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Read The National Guard Mobilization Memo, Because It Shows How Far Trump Could Go

On the day of his inauguration, President Donald Trump made good on his promise to crackdown on immigration. He's signed a number of executive orders that have allowed U.S. Immigration and Custom Enforcement to coordinate a series of nationwide raids that have terrified and terrorized immigrant communities. Now it seems his enforcement policies could escalate — just read the National Guard mobilization memo published Friday by the Associate Press. (Here's where you can read it.)

The 11-page memo, allegedly written by U.S. Department of Homeland Security Secretary John Kelly, proposes that the Trump Administration mobilize 100,000 National Guard troops to round up undocumented immigrants in 11 states, according to the Chicago Tribune. The document, dated Jan. 25, was meant to serve an addendum to Trump's Jan. 20 executive order ramping up the detention and deportation of undocumented immigrants, the paper reported. It was addressed to ICE and U.S. Customs and Border Protection officials.

The White House, though, has denied the existence of the 11-page memo from Kelly. According to Bloomberg Politics, White House Press Secretary Sean Spicer called the report from AP "100 percent not true." Spicer, who initially denied AP's claim of the report on Thursday, said,

There is no effort to do what is potentially suggested ... no effort at all to utilize the National Guard to round up unauthorized immigrants.

After Spicer's remarks, the AP scanned and published the memo in full.

So by what law could the Trump Administration make this happen? Kelly cited Section 287(g) of the Immigration and Nationality Act, which gives the head of DHS the power to deputize other government officials. Traditionally, as Vox reported Friday, presidents have used "287(g) agreements" to allow local law enforcement to help with immigration raids and arrests. So it would be an unprecedented move on Trump's behalf if he were to use Section 287(g) to deputize National Guard members, thus militarizing immigration enforcement.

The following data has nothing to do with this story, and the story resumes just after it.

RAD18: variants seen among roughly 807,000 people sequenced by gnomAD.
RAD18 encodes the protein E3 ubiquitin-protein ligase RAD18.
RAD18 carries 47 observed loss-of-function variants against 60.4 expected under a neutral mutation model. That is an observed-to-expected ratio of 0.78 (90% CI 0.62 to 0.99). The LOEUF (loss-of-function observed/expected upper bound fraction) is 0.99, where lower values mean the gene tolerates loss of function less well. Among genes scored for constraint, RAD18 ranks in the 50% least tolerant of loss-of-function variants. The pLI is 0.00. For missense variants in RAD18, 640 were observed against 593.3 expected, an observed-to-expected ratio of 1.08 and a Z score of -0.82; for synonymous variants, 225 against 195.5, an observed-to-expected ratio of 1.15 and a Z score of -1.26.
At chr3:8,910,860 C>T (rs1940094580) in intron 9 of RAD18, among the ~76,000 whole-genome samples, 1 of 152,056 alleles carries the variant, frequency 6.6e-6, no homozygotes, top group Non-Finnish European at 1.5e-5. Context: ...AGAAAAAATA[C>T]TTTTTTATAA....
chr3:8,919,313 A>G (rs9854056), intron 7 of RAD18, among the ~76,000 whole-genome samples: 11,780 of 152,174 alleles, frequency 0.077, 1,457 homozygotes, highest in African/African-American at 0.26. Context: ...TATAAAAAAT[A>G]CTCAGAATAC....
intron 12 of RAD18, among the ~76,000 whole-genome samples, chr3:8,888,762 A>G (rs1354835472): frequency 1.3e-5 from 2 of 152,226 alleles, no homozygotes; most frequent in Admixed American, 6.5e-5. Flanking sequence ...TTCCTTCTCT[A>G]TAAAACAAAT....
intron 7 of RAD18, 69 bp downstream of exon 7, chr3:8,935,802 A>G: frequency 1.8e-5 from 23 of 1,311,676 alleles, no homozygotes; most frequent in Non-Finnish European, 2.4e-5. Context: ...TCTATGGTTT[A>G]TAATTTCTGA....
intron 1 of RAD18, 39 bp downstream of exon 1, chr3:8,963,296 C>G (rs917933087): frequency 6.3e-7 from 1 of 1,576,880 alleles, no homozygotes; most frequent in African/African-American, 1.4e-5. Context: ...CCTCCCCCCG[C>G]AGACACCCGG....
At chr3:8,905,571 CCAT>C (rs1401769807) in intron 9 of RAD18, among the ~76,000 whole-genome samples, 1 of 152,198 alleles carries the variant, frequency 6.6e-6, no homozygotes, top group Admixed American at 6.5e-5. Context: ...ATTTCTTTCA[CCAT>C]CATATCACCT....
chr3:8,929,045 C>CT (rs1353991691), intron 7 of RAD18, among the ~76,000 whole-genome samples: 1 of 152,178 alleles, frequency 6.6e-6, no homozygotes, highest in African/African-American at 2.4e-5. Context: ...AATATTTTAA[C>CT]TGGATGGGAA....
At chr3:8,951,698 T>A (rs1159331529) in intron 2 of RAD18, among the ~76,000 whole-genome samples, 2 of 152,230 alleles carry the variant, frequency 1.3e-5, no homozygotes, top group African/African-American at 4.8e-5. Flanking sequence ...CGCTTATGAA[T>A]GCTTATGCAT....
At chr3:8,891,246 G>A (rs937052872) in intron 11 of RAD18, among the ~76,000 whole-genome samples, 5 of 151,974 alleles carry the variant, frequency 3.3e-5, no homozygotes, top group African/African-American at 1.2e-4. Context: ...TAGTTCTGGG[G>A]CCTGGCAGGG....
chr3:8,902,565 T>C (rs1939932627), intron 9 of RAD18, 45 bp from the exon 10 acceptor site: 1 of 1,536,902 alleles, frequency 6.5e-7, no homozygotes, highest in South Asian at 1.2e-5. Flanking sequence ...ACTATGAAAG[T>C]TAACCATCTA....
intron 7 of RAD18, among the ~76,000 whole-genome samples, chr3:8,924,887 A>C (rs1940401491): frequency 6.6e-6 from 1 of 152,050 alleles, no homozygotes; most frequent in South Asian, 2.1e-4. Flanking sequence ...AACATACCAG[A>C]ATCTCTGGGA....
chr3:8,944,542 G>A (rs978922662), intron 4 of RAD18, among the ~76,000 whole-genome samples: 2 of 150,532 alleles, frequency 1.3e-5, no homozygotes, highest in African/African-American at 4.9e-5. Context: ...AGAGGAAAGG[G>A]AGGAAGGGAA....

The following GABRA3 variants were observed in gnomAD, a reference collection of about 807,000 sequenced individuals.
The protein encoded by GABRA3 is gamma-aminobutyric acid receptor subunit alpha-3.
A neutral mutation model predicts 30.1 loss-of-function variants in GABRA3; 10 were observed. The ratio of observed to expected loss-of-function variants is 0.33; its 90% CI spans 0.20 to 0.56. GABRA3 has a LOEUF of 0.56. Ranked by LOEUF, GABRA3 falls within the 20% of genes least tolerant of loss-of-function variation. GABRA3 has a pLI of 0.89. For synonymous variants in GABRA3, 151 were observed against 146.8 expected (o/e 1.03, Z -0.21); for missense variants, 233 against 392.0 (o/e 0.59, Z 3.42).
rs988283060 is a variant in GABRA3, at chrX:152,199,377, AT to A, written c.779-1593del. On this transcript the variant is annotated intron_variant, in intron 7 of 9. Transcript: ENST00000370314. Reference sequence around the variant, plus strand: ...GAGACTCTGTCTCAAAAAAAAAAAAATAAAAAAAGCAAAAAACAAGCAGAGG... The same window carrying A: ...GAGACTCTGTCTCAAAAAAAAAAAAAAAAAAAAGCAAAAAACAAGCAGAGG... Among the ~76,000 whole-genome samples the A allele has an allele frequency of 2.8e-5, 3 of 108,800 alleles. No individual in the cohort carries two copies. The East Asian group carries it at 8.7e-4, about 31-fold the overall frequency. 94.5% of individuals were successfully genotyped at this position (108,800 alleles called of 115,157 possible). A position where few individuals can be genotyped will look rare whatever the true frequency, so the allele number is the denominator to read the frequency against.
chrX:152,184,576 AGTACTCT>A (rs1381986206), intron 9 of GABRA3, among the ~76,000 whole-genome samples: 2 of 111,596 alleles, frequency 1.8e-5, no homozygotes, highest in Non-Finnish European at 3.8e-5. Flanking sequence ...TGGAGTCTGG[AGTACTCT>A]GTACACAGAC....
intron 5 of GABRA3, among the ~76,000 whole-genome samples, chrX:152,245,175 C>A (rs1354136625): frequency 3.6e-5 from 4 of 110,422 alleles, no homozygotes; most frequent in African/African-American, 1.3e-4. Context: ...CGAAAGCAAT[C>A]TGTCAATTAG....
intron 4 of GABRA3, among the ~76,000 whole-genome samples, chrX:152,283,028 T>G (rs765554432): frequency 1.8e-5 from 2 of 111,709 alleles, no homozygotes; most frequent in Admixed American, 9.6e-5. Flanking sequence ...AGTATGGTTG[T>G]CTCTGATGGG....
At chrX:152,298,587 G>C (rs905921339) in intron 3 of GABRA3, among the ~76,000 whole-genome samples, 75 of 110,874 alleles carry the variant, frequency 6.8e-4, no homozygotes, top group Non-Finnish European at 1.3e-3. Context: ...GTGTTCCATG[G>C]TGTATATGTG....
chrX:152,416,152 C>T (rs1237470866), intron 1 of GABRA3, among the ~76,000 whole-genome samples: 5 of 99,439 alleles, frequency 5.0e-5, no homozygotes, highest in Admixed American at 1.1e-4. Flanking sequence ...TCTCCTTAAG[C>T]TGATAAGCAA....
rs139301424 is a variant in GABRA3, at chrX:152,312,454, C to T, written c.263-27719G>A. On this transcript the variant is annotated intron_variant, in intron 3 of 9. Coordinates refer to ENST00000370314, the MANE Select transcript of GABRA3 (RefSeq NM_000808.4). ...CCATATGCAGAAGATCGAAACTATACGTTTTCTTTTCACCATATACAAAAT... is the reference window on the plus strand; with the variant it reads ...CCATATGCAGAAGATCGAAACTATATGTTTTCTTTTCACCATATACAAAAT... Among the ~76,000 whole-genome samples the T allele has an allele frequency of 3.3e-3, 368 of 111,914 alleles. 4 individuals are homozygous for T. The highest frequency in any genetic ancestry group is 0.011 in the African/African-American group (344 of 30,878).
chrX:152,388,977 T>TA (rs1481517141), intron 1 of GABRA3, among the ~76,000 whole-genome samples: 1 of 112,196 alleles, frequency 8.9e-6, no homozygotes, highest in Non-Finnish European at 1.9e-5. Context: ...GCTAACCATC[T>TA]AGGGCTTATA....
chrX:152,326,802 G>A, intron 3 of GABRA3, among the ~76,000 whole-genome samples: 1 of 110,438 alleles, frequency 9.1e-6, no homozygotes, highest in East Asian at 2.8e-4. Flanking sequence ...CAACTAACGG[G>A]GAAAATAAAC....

Under Kelly's proposal, National Guard members would be authorized to "perform the functions of an immigration officer" in states along the Mexico border, as well as "adjoining" states. According to AP, those states would include California, Arizona, New Mexico, and Texas, along with Oregon, Nevada, Utah, Colorado, Oklahoma, Arkansas, and Louisiana. The governors of those states would have the power to opt out of participation in the National Guard mobilization effort.

The Department of Homeland Security did weigh the proposed policies laid out in the memo, but ultimately rejected them, according to Vox. Vox noted that the memo obtained by the Associated Press matches the contents of a document leaked to the digital news site. And that memo "appears to still be under consideration in some form," according to Vox.

A DHS official described the memo a "very early, pre-decisional draft" that was "never seriously considered" by the agency, according to a tweet by journalist Dorey Scheimer. Scheimer also posted a response from Lynn Kirby, spokesperson for the Nation Guard Bureau, who said the organization knows about the media reports but it has "received no official notification to execute any activations at this time."

If the Trump Administration were to militarize immigration enforcement, it would have set a horrifying precedent for this country. Mobilizing the National Guard to carry out the severe enforcement policies for the federal government would effectively turn the United States into an unyielding police state. And that presents a danger for everyone.